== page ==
Skin Lane, Paperback
4 out of 5 (5 ratings)


At 47, Mr. F?s working life on London?s Skin Lane is one governed by calm, precision and routine.

So when he starts to have frightening, recurring nightmares, he does his best to ignore them.

The images that appear in his dream are disturbing ?

Mr. F can't for the life of him think where they have come from.

After all, he's a perfectly ordinary middle-aged man.

As London?s crooked backstreets begin to swelter in the long, hot summer of 1967, Mr. F?s nightmare becomes an obsession. A chance encounter adds a face to the body that nightly haunts him, and the torments of his sweat-drenched nights lead him ? and the reader ? deeper into a terrifying labyrinth of rage, desire and shame.

Part fairy-tale, part compelling evocation of a now-lost London, Neil Bartlett's critically-acclaimed third novel is his fiercest piece of writing yet: cruel, erotic, and tender.




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Review by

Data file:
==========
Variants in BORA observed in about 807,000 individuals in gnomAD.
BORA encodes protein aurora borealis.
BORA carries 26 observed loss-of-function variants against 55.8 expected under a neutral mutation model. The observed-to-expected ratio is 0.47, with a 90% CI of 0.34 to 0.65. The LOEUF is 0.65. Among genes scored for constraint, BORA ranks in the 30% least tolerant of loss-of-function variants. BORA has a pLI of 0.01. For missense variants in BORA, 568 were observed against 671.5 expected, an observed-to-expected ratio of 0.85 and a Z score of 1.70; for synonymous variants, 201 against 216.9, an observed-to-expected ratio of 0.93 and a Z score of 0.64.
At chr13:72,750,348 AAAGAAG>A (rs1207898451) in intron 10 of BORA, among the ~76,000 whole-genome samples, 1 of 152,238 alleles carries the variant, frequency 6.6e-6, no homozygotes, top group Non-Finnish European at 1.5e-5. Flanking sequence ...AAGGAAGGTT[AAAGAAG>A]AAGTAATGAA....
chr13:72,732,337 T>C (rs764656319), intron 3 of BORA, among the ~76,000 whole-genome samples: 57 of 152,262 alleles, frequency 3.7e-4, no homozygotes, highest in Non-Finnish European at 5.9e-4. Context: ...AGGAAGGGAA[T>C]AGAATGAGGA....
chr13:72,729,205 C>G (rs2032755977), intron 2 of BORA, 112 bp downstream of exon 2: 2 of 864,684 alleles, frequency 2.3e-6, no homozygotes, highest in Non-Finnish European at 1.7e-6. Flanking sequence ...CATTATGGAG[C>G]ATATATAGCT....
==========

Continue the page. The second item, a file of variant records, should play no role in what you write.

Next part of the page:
Mr F has worked for 33 of his 47 years in the fur trade in 60s London and is a master cutter who takes pride in his work. A bachelor, he leads a strictly ordered life, running to a strict to the minute timetable that rarely deviates. It’s not a normal life, but then neither was his female-free childhood. Then he starts to have dreams, nightmares in which he discovers the bleeding body of a beautiful youth tied up in his bathroom. They won’t go away, and he finds himself obsessing about the body, looking at young men when he’s on the train. At work in Skin Lane, in the fur-trading area of the city, Mr F has further reason to be perturbed. He’s put in charge of training the nephew of the firm’s owner in cutting as part of learning the business. The boy has been nicknamed Beauty by the girls in the sewing room, and Mr F although initially aloof is increasingly interested in the boy, then realises that he resembles the body in the shower …This chilling drama will not be everyone’s cup of tea. Firstly, it is told through a knowing narrator’s voice, who always knows what’s coming next; we are manipulated all the way through and this device successfully ratchets up the tension notch by notch. Secondly, we learn all about the fur trade – from selecting skins, cutting, sewing, and finally the selling of fur coats to men who give them to their floosies for sex. The book started slowly, building up the story of Mr F’s over-normal life, and learning about the trade which made fascinating reading. All along though the narrator gives a sense of nasty things to come. I must admit, when things started to turn nasty, I thought the narrator was leading us down a more grizzly path than actually happened (an overactive imagination or what!), I had visions of ghoulish Jack the Ripper style murders to come. However what we got was much more subtle than that and also inextricably linked to the fairytale of Beauty and the Beast, which was Mr F’s childhood favourite. I can honestly say I had no idea what was going to happen or how things would end. I was expecting Mr F to be a real monster, yet ended up feeling sorry for him, instead hating Beauty’s beastly ways. This was a masterly novel of suspenseful storytelling. If you have the stomach for it, I’d strongly recommend it. (9/10, I bought this book).